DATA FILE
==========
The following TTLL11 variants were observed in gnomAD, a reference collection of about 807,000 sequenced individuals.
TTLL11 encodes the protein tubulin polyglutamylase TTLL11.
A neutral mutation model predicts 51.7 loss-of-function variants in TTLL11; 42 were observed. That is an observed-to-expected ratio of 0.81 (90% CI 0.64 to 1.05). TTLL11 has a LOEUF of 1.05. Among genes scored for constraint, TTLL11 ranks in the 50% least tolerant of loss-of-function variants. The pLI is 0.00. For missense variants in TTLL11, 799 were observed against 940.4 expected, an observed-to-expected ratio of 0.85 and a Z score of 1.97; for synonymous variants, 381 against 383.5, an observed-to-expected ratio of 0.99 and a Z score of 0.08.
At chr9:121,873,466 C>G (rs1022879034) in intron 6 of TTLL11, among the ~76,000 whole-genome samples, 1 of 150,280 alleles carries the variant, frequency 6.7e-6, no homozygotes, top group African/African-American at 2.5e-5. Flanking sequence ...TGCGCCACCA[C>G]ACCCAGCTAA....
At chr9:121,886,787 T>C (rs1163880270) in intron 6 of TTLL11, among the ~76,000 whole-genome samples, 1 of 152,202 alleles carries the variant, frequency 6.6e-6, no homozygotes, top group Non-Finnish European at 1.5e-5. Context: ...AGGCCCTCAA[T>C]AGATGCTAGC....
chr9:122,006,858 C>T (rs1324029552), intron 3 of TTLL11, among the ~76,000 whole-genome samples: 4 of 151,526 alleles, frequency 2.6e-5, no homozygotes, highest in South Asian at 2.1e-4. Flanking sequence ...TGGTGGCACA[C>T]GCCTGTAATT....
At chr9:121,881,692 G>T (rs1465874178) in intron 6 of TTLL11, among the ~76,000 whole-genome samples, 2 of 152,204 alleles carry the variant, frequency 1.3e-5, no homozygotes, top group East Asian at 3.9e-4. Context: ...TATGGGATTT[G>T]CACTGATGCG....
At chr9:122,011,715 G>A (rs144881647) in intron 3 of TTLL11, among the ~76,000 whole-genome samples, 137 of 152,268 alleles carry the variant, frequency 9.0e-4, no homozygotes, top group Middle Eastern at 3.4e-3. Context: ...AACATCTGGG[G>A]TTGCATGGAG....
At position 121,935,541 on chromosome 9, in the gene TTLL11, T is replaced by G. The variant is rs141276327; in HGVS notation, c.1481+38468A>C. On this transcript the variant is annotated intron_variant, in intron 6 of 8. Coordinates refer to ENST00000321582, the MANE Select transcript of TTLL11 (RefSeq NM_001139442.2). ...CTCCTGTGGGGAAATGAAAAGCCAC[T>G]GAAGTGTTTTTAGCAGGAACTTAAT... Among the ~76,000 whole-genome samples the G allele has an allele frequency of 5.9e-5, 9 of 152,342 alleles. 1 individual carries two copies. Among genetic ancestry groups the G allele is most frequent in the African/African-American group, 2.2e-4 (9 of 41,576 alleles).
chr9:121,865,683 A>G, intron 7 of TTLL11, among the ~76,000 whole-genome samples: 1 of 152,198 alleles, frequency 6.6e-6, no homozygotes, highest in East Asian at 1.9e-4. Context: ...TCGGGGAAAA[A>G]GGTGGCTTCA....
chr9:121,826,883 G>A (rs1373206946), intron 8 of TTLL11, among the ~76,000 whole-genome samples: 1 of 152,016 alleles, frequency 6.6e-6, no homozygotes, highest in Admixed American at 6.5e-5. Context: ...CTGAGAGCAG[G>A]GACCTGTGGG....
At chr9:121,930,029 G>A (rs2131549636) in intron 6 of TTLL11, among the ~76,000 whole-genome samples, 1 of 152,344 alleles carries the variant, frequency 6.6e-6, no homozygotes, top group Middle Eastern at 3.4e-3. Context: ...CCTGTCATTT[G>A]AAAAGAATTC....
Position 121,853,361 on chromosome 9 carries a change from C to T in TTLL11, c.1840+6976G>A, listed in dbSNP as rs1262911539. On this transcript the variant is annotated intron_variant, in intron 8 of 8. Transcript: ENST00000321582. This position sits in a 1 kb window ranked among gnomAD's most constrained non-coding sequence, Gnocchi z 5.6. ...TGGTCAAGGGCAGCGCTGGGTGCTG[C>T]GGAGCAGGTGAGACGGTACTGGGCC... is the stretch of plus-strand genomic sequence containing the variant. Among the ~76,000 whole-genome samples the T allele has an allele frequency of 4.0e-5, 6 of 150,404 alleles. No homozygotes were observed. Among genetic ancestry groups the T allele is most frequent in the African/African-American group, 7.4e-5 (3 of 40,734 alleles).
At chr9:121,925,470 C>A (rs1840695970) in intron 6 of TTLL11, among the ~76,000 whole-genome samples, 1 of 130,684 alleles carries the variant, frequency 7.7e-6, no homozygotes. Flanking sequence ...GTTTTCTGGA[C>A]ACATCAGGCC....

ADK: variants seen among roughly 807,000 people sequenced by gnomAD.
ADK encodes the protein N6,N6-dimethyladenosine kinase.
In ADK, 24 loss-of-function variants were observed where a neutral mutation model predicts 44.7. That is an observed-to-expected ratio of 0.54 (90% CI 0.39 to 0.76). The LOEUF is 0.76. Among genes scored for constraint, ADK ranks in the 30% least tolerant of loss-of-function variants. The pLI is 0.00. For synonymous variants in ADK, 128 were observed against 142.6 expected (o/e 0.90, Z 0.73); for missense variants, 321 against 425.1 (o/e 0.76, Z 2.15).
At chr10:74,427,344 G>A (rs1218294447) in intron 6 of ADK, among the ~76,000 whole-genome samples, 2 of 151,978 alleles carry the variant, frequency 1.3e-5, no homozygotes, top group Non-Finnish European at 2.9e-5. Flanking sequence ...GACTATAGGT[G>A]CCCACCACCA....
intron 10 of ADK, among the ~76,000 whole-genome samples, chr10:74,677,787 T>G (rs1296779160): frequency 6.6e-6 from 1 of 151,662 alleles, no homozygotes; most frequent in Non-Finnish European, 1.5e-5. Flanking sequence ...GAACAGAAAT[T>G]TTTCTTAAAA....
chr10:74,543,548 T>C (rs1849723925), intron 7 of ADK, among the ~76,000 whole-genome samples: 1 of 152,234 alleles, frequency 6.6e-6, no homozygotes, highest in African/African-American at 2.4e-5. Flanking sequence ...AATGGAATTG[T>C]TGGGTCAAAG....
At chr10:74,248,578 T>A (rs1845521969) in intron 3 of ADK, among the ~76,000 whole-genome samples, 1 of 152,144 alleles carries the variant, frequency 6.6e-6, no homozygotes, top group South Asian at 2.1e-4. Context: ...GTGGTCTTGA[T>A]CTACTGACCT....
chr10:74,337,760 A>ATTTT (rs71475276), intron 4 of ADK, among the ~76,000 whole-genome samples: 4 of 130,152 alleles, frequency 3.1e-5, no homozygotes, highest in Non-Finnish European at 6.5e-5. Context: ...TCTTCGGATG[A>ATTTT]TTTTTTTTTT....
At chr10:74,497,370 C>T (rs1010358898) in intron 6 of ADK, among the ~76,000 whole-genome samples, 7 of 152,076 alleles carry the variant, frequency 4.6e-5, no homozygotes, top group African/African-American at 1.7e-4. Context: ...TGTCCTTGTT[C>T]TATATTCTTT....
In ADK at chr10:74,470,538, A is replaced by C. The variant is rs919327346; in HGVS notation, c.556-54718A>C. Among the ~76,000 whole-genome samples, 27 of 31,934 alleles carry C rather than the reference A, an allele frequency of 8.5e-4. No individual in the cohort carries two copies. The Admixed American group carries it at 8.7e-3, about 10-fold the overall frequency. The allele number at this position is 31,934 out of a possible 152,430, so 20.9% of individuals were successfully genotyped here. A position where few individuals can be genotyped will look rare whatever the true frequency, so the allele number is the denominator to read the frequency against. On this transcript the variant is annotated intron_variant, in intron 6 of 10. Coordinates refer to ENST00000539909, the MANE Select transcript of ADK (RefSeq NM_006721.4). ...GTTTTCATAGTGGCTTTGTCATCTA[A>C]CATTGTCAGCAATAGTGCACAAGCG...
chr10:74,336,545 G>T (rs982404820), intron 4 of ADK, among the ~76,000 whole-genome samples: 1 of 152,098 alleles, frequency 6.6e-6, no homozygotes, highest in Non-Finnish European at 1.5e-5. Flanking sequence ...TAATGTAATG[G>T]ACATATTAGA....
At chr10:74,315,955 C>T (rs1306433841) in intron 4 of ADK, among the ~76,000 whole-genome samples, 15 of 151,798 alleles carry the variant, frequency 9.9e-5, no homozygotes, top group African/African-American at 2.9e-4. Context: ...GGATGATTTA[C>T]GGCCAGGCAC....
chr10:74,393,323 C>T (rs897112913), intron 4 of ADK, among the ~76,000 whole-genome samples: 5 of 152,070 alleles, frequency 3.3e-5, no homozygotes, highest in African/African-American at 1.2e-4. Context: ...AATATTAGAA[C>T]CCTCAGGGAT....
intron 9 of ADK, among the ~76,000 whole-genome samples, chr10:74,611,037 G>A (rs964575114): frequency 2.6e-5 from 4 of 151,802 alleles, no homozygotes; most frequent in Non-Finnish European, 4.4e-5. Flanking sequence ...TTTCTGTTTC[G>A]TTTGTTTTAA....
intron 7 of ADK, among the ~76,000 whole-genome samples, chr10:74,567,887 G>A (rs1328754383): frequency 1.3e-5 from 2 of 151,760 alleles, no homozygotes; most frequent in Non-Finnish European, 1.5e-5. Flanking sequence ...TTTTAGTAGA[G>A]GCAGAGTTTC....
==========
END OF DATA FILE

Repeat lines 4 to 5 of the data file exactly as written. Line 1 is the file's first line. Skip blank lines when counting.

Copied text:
At chr9:121,873,466 C>G (rs1022879034) in intron 6 of TTLL11, among the ~76,000 whole-genome samples, 1 of 150,280 alleles carries the variant, frequency 6.7e-6, no homozygotes, top group African/African-American at 2.5e-5. Flanking sequence ...TGCGCCACCA[C>G]ACCCAGCTAA....
At chr9:121,886,787 T>C (rs1163880270) in intron 6 of TTLL11, among the ~76,000 whole-genome samples, 1 of 152,202 alleles carries the variant, frequency 6.6e-6, no homozygotes, top group Non-Finnish European at 1.5e-5. Context: ...AGGCCCTCAA[T>C]AGATGCTAGC....